Lay out the desired articles and then remove half the lot. Here is my list of recommendations:

  • One pair of quality sandals, good for copious amounts of walking. I went with Birkenstocks, and I will never go back to anything else. Not only are there tons of cute style options out there, but they were so comfortable that I even wore them for all my trekking trips, even uphill treks.

  • One pair closed shoes/sneakers.

  • One pair of nice evening sandals

  • Two dresses or one dress and one long skirt. Aim for cotton, solid colors that are easy to wash and can be worn for both day and night activities.

  • Two pairs of shorts

  • One pair of leggings for active wear and lounging

  • One pair of flowy pants (I recommend waiting to buy a pair upon arrival, as they are literally for sale everywhere, come in a variety of styles and patterns and are cheap). Essential for visiting temples.

  • One scarf (these can be found for sale in the markets). Essential for visiting temples.

  • One sarong. This can be used as a cover up, blanket, and towel!

  • Two bathing suits

  • One pair of good quality, breathable socks (if you prefer to wear closed toe shoes to sandals, then pack more pairs…but I primarily wore sandals, so I didn’t need socks too often).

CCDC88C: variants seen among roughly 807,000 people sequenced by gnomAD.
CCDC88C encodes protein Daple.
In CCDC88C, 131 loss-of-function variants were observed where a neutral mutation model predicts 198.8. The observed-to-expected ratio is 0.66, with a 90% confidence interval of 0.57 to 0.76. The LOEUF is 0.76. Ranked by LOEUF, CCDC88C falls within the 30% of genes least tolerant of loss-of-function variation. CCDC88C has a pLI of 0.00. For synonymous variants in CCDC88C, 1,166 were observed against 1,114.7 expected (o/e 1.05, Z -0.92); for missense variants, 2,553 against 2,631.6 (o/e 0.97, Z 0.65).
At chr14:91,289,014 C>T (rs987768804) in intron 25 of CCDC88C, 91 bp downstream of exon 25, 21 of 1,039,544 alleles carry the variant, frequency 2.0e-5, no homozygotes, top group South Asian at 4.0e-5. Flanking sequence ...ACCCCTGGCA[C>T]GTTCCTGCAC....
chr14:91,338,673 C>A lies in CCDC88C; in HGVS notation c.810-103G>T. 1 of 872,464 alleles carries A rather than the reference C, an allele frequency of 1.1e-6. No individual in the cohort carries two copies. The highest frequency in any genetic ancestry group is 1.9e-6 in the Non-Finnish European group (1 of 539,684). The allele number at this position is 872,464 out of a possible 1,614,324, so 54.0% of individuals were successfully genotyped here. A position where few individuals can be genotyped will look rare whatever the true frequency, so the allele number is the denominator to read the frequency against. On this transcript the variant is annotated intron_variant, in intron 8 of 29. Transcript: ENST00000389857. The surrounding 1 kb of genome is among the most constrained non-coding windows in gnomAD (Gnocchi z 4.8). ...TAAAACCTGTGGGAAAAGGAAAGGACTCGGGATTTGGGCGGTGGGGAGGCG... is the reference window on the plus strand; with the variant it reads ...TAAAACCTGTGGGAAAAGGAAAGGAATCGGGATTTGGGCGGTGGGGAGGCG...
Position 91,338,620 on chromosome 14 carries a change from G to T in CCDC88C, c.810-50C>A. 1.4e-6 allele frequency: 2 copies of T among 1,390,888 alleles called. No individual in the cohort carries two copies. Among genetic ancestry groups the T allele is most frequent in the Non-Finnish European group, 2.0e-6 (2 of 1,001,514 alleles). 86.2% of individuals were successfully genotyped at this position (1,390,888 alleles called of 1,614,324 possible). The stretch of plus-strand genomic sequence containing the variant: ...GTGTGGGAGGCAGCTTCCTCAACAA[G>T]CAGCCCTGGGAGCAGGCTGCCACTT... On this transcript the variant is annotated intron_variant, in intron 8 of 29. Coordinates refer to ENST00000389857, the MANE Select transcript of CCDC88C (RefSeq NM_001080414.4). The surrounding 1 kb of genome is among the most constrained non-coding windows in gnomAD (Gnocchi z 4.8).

• One warm sweater or jacket

  • Two comfortable cotton sports bras or bralettes

  • Five assorted tank tops and shirts.

  • Five pairs of breathable, cotton undies.



Other Essentials…
Those Lonely Planet guidebooks are awesome for planning, but also take up vital space in your backpack. Invest in an electronic reader for the trip. There is so much you can do with it while saving heaps of space in your bag. Leave the thick Lonely Planet book at home—you can download them for free on a Kindle.
  • Headlamp. Trust me on this one. Just have one handy.

  • Water purifier/filter. Water bottles are the go-to in Southeast Asia, and they are cheap, costing just cents. But, it’s always good to have some sort of water purification equipment handy, just in case. I would recommend the SteriPEN Ultra. It’s compact, easy to use, USB rechargeable and uses a UV light to kill 99.9% bacteria and viruses found in water.

  • Battery charge dock. Great for emergency charging when in the middle of nowhere.

  • Waterproof bags. These are essential to bring. Do your research and find the right size/match for you. I went with this cheap set on Amazon. They are perfect for added protection from wet conditions.

Medications & Vaccinations